A Field & Stream Exclusive: THE ROYAL WULFF MURDERS by Keith McCafferty, Part One
Belly up to a bar in West Yellowstone or Ennis and you might find yourself talking to a creatively profane...
Belly up to a bar in West Yellowstone or Ennis and you might find yourself talking to a creatively profane fishing guide, a down-on-his-luck artist who can’t afford rent, the millionaire owner of a streamside log-cabin mansion who uses it only two weeks a year, or a pretty woman with a box of trout flies and a cryptic background.
That’s the kind of people you meet in Montana’s trout fishing country. And that’s why The Royal Wulff Murders ($27; us.penguingroup.com), field editor Keith McCafferty’s new novel, features such an eclectic bunch.
Why would McCafferty–a talented elk hunter, survival expert, and unabashed steelhead bum who has written nearly 500 articles for _Field & Stream_–enter the fiction business?
“I decided to write a book the night I slept on the ground on a mountain for a Field & Stream assignment,” says McCafferty, a 30-year Bozeman resident. “It was so cold in the middle of the night that rather than get up, I peed myself. [Editor’s note: Sorry, Keith!] That did it.”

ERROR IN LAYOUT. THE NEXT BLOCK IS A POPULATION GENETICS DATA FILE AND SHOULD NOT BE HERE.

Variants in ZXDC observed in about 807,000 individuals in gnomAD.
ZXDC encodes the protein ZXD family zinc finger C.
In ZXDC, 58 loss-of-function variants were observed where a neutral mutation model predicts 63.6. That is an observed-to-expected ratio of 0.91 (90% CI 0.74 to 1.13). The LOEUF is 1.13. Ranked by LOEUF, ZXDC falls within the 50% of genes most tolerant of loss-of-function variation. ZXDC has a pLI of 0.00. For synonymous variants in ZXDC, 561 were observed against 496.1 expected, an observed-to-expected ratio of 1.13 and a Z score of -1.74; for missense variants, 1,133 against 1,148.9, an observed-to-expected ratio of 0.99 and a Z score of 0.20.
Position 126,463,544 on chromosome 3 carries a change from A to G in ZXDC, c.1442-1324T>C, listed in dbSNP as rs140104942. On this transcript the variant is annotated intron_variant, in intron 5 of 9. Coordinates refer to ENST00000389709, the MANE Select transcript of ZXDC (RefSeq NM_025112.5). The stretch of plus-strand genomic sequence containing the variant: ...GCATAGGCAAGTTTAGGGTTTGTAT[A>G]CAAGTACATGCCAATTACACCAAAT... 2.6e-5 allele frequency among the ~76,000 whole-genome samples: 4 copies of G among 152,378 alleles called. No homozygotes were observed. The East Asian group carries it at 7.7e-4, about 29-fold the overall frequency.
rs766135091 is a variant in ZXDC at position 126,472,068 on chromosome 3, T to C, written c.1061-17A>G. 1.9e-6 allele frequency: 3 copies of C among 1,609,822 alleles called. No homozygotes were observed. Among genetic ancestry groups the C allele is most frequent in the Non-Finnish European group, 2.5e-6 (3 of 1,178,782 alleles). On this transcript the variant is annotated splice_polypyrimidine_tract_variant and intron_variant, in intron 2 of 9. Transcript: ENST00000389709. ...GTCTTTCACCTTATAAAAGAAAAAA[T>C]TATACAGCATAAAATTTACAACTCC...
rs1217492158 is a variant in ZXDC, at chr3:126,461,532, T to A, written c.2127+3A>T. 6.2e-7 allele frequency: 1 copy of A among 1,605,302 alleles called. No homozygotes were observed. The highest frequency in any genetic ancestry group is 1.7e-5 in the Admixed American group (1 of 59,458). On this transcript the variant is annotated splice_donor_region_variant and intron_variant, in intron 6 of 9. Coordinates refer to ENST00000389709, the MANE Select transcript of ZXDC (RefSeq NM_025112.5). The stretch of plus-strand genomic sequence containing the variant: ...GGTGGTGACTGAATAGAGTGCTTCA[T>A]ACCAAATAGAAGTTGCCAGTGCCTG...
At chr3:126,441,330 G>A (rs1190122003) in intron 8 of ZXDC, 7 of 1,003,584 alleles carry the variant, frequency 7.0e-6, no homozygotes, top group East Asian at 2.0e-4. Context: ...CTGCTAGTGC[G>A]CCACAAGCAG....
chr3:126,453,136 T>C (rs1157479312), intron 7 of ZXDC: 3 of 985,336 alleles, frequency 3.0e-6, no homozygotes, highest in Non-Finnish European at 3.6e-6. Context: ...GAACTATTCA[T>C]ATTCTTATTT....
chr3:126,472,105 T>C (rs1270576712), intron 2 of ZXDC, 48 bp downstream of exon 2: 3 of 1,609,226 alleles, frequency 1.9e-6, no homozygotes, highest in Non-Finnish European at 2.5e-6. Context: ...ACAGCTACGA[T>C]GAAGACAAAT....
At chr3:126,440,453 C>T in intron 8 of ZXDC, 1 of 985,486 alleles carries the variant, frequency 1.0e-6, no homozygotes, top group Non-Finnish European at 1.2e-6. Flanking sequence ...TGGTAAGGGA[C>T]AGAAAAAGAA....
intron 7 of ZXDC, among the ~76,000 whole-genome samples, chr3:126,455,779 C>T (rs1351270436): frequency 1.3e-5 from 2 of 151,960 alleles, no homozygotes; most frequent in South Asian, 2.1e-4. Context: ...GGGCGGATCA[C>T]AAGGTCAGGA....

The novel opens with a fisherman reeling in a body he’s snagged on a stonefly nymph in the Madison River. The man’s guide marvels over the strength of the tippet as the client winches in the corpse: “He made a mental note to convert all his monofilament leader material to Orvis Super-strong in the future.”
McCafferty understands that’s something only an angler would observe. And identify with. Sportsmen will find the one-of-a-kind novel captivating, intelligent, and at times uproarious. The book will be available in stores next month.
The following is an exclusive online-only excerpt from McCafferty’s novel. It is the first of five parts. Look for Part Two next week. –Mike Toth
WARNING: The following excerpt contains adult language. Reader discretion is advised. ****
The fishing guide known as Rainbow Sam found the body. Or rather, it was the client casting from the bow of Sam’s driftboat, working a fly called a Girdle Bug in front of a logjam that parted the current of the Madison River. When the float indicator pulled under the surface, Sam winced, figuring a snag. The client, whose largest trout to date had been the size of a breakfast sausage, reared back as if to stick a tarpon.
The body submerged under the driftwood shook free of its tether, bobbed to the surface and floated, face down, the hook buried in the crotch of the waders.
The client’s reel screamed. The bloated corpse took line, steadily, implacably, in the manner of a large carp. Leaning hard on the oars, Sam closed the gap between his boat and the body. Calmly, in a voice that had coaxed a thousand neophyte anglers, he instructed his client to drop the long-handled net over the dead man’s head. The catch so enmeshed, he angled his Clackacraft downstream at the pace of the current, fanning the oars gently toward a bay at the bank…
Reprinted by arrangement with Viking, a member of Penguin Group (USA) Inc., from THE ROYAL WULFF MURDERS by Keith McCafferty, to be published on February 16, 2012.
Copyright (C) 2012 by Keith McCafferty